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Bill’s By The Number$

Posted by: Lisa Navarro | Posted on: April 26th, 2021 | 0 Comments

  1. THEN WHAT? – The S&P 500 was up +6.2% (total return) in the 1Q 2021, the 42nd time the index has gained at least +6% in a calendar quarter since 1990, i.e., 42 out of 125 quarters (34%). The index has gained an average of +11.6% (total return) in the 12 months following a calendar quarter that was up at least +6%.  The S&P 500 consists of 500 stocks chosen for market size, liquidity and industry group representation.  It is a market value weighted index with each stock’s weight in the index proportionate to its market value (source: BTN Research).
  1. AFTER A BIG YEAR – The S&P 500 was up +56.4% (total return) for the 12 months ending 3/31/21, the 8th time the index has gained at least +40% over any 12-month period since 1990. The index has gained an average of +16.3% (total return) in the year following a 12-month period that was up at least +40% (source: BTN Research).
  1. IT’S WHY THEY’RE CALLED JUNK – 1 out of 7 high yield bonds defaulted in 2009 (14%). 1 out of 19 high yield bonds defaulted in 2020 (5.2%).  “Junk” or “high yield” bonds are rated below “Baa” by Moody’s or rated below “BBB” by S&P and Fitch (source: Fitch Ratings).
  1. VERY FEW – As of 4/15/21, only 1 out of every 13,000 fully vaccinated Americans contracted the COVID-19 virus after receiving all their shots (source: Centers for Disease Control and Prevention).
  1. IN THE RIGHT DIRECTION – US deaths from all causes (e.g., natural causes, cancer, heart disease, COVID, etc.) for the week ending Saturday 1/02/21 peaked at 84,192 (12,027 per day), but has since fallen for the next 14 weeks to 32,343 deaths for the week ending Saturday 4/10/21 or 4,620 per day (source: CDC).
  1. HOPE HE’S RIGHT – The first of 3 releases by the government on the change in the size of the US economy during the 1st quarter 2021 will be announced on Thursday 4/29/21, aka the “Advance Estimate.” Fed Governor Christopher Waller said on 4/16/21 that the US economy “is ready to rip.”  He forecasted that annual growth could be as high as +6.5% in 2021, a growth rate last achieved in 1984 (source: Commerce Department).
  1. HOW IT WAS USED – Households that received stimulus payments via the March 2020 CARES Act (HR # 478) spent 29% of the funds on “consumption,” as opposed to paying down debt, investing or saving the money. Households that received stimulus payments via the December 2020 relief legislation (HR # 133) spent 26% of the funds on “consumption.”  Households that have received stimulus payments via the March 2021 “American Rescue Plan Act” (HR # 1319) spent 25% of the funds on “consumption” (source: Federal Reserve Bank of NY).
  1. ALMOST ALL SENT OUT – As of 4/14/21, 159 million stimulus payments totaling $376 billion have been disbursed under the 3/11/21 “American Rescue Plan Act.” 22% of the $1.9 trillion bill, or $411 billion, was scheduled to be paid to eligible Americans in the form of $1,400 payments (source: American Rescue Plan Act).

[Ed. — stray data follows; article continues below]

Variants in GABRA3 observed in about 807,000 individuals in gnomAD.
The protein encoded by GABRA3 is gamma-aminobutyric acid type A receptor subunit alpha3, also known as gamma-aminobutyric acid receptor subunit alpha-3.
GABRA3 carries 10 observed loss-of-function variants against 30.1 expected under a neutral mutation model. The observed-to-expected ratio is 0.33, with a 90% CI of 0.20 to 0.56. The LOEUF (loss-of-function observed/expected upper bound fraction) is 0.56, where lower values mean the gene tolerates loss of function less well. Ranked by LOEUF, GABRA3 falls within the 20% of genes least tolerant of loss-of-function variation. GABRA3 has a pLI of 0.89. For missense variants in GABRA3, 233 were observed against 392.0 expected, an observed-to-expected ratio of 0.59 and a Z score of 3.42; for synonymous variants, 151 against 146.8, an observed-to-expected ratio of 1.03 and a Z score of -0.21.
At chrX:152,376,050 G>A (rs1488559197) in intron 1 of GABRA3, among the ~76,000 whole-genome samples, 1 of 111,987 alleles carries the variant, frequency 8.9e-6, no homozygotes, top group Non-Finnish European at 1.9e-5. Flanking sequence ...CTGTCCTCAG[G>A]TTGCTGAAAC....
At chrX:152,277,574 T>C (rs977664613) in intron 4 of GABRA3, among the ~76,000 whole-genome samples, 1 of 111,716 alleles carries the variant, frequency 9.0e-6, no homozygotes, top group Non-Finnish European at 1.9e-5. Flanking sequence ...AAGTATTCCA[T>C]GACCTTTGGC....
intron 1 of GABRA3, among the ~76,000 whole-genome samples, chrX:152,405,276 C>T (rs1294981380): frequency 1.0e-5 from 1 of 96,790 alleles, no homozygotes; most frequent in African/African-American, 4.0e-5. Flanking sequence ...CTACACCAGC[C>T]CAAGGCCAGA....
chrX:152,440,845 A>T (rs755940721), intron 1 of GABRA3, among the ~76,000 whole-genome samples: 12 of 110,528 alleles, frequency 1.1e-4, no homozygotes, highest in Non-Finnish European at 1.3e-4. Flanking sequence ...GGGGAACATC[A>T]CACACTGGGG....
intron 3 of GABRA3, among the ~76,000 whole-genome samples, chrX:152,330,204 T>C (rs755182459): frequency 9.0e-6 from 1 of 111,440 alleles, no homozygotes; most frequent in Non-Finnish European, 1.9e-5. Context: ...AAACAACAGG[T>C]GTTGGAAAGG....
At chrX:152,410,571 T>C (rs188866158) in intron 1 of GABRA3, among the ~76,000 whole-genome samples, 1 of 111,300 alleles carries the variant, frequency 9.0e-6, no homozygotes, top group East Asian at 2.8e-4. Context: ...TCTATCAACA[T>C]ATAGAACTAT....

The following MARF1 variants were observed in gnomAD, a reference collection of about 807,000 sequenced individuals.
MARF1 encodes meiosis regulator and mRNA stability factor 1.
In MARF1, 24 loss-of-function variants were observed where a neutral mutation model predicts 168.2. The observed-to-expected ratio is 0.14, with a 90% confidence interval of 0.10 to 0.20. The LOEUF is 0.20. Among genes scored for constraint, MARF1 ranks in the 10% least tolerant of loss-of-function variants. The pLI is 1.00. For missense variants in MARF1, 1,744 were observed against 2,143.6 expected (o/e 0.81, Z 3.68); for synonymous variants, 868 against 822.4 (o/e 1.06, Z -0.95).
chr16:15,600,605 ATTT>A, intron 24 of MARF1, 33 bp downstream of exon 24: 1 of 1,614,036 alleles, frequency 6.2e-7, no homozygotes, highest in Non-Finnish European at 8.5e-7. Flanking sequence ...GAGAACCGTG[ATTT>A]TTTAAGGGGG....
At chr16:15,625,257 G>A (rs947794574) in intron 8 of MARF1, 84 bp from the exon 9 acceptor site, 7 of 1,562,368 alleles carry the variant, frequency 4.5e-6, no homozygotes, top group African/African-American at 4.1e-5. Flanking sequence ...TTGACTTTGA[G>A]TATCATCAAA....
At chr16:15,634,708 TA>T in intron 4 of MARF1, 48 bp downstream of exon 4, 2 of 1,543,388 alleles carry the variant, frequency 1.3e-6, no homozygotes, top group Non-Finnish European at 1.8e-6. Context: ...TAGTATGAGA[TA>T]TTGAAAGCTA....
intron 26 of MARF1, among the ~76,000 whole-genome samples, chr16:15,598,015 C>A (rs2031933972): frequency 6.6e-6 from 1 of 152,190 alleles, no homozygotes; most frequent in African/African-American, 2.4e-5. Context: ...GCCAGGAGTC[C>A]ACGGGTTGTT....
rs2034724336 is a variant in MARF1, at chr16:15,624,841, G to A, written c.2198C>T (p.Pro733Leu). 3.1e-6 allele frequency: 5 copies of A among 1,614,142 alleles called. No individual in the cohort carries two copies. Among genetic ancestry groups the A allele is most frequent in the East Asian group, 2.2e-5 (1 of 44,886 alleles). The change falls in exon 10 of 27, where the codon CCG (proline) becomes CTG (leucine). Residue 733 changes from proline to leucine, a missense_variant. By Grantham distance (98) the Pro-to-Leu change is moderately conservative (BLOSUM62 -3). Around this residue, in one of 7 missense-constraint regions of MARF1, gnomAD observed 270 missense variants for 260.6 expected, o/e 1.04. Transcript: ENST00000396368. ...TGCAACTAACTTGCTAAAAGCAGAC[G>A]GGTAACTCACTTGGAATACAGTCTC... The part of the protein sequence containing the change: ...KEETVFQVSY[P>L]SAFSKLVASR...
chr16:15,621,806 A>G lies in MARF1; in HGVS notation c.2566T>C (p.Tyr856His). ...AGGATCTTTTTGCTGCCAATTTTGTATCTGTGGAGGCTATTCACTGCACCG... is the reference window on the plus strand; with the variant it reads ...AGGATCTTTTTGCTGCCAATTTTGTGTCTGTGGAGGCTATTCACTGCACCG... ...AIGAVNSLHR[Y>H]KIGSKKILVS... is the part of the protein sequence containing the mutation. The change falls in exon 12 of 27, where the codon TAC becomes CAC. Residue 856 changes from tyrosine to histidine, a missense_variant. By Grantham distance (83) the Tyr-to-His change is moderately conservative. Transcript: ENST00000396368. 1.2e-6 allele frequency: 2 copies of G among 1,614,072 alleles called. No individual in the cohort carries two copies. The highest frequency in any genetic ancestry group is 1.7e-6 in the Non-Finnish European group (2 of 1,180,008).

1. TAX CHEATERS – The government projected in September 2019 that our nation’s “tax gap,” i.e., the difference between what all taxpayers should have paid compared to what they actually paid, was $441 billion per year. On 4/13/21, IRS Commissioner Charles Rettig testified before the Senate Finance Committee that the “tax gap” could be as high as $1 trillion annually, or more than double the previous estimate (source: IRS).
  1. STATE MONEY – The average US state receives 48% of its tax revenue from sales taxes, 41% from income taxes, 6% from license taxes, and 5% from other taxes (source: Census Bureau).
  1. PANDEMIC IMPACT – New York City tax officials are projecting a $1 billion reduction in property tax revenue to be collected in 2022 vs. 2021, largely due to a drop in the market value of its apartments and commercial real estate (source: New York City Independent Budget Office).
  1. A RECORD – The median sales price of existing homes sold in the United States was $329,100 in March 2021, an all-time record both on a nominal basis (i.e., not adjusted for inflation) and on an inflation-adjusted basis (source: National Association of Realtors).
  1. HARD TO GET OUT – Banks repossessed 7,320 homes nationwide during the first quarter 2021, but it took an average of 930 days (more than 2 ½ years) for a repossession to be completed (source: Attom Data Solutions).
  1. THEY ALL NEED BATTERIESElectric vehicles sales represented 5% of all passenger car sales globally in 2020. That percentage is projected to increase to 26% in 2030 and 72% in 2040 (source: Statista).
  1. COME PLAY WITH US – The NCAA announced on 4/15/21 that all collegiate athletes will have a “1-time transfer” ability without having to sit out a season. The transfer right previously was not automatically available to football and basketball athletes.  The ruling is effective for all college sports beginning this fall (source: NCAA).

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